A truck stop somewhere in Iowa.
A truck stop somewhere in Iowa. Jim Hilgendorf
Truckers have been calling our Hidden Kitchens hotline since the beginning. Bob "Trucker Dad" Stanton told us this story that we included in our book Hidden Kitchens: Stories, Recipes, and More. Call us at 1-866-OVENMIT with your Texas Kitchen tales.
I'd like to tell of a hidden "nomadic" kitchen. This kitchen forms among the itinerant professionals that make their living over the road — long-haul truck drivers. Usually, this kitchen begins in the back corner of a truck stop parking lot when a driver pulls out a grill that he keeps hidden in his toolbox. This is a special grill as most carriers do not allow drivers to carry charcoal grills which they perceive as a fire hazard.
He starts grilling the pork chops he purchased that morning, halfway across the country. As the smell begins spreading across the parking lot, other drivers gather to see what's cooking that night. One driver goes back to his truck and brings out barbecue sauce. Another driver says, "Well, I've got eighty pounds of raisins." Another one brings in his Tabasco and Cajun pepper. Quickly, an improvised mashed raisin, Tabasco, Cajun pepper glaze is tried on the pork chops, which turns out to be amazingly good. Potatoes, onions — a make-do potluck dinner begins. But the poor flatbed steel hauler, not having much food in his truck, stops by and laments he can't offer any food to this buffet. It is suggested, "Well, build the table." Pallets, load jacks and other improvised lumber are found and a buffet table springs up.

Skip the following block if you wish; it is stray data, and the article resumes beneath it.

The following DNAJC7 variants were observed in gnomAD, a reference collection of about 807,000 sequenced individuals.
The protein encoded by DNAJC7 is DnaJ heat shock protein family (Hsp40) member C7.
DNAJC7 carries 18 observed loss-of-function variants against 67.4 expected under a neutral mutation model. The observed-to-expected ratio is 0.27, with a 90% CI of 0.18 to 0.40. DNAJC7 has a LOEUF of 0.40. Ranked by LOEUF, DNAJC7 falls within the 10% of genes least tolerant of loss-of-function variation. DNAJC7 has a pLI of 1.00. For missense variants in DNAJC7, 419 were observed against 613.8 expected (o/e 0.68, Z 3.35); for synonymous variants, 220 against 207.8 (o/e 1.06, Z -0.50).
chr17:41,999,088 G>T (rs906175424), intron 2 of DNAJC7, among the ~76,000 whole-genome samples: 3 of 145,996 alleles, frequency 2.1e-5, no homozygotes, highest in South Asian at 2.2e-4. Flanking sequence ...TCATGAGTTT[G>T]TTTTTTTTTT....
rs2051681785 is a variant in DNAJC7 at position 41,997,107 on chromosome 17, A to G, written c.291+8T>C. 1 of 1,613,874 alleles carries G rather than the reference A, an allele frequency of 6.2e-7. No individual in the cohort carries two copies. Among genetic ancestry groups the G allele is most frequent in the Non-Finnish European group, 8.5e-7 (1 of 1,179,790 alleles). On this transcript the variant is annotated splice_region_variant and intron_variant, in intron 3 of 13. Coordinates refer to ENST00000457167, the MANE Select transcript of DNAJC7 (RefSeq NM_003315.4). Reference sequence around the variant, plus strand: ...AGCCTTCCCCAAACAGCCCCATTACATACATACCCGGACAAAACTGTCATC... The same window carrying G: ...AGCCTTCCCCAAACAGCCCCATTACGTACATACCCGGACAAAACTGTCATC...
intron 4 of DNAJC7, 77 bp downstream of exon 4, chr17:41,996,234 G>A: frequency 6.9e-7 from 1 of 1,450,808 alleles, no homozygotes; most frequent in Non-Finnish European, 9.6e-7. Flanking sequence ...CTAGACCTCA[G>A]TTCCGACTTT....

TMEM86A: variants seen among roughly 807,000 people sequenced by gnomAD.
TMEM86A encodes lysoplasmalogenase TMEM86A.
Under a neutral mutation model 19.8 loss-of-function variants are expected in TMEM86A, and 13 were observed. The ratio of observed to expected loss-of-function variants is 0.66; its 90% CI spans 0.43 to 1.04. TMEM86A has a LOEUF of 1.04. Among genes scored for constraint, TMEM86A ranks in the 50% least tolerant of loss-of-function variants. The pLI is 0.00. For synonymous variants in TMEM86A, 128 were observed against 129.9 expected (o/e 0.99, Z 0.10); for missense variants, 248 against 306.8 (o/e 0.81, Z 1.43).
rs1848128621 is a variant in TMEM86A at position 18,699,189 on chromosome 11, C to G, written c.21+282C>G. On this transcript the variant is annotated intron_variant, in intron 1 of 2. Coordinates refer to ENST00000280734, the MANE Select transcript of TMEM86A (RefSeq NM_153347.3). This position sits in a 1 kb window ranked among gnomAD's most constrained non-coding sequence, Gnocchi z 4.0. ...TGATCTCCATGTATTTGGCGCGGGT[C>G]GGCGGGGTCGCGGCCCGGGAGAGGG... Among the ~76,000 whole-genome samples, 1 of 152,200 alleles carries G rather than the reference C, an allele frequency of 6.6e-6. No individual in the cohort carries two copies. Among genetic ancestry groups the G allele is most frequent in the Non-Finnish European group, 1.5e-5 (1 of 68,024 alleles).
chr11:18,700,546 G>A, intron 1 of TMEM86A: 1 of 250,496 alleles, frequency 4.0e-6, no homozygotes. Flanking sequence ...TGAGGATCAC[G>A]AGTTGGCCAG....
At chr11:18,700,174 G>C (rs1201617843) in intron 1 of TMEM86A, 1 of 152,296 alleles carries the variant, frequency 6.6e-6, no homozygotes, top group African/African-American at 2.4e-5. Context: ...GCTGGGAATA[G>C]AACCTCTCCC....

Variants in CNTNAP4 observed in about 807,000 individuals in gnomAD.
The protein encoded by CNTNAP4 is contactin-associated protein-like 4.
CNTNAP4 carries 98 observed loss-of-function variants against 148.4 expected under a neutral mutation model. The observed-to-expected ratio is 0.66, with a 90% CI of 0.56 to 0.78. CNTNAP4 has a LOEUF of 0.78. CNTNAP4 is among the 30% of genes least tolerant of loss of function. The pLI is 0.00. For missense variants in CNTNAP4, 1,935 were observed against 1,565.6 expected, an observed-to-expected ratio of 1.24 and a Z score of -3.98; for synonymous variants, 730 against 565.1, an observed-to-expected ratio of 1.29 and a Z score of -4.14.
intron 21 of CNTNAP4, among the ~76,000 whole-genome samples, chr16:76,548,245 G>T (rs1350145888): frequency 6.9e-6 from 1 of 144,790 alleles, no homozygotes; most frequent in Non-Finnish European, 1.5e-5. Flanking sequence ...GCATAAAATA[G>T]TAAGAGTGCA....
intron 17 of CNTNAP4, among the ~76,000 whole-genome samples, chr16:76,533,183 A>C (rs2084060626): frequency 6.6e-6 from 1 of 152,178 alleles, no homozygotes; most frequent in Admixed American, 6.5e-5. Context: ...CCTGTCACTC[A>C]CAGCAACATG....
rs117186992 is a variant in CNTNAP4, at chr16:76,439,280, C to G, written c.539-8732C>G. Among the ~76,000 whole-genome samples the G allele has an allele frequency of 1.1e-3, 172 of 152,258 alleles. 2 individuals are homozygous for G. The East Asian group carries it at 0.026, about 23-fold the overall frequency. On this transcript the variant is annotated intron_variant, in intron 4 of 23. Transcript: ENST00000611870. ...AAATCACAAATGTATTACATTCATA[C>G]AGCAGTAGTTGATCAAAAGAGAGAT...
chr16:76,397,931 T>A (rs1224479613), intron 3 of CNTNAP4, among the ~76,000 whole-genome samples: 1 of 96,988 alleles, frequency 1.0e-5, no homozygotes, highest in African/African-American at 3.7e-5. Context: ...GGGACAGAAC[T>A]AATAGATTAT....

Now, problems arise. First, the livestock truck with the live pigs parks across the street upwind from the improvised buffet. A quick bribe gets the stock truck moved to the other side of the parking lot. Next, the truck stop manager appears, walking through the parking lot. Trucking is a business and this truck stop manager recognizes that the drivers eating in his parking lot for free are not coming into his restaurant to eat. He speaks to the drivers, but it's apparent that they are not in the mood to move their potluck. Discussions come up regarding the $3,000 some drivers have spent recently at that truck stop to fuel their trucks. Offers to fuel trucks for two or three thousand more dollars before leaving quickly appease the manager and he leaves the impromptu buffet to go on unabated. The truckers gather around the grill swapping stories of missed families, the storms they've weathered, the nomadic lifestyle of an over the road trucker.
So, the next time you're merging onto the interstate, planning to cut off that 18-wheeler, think of last night's improvised truck stop buffet and go cook with the people in your life. — Bob Stanton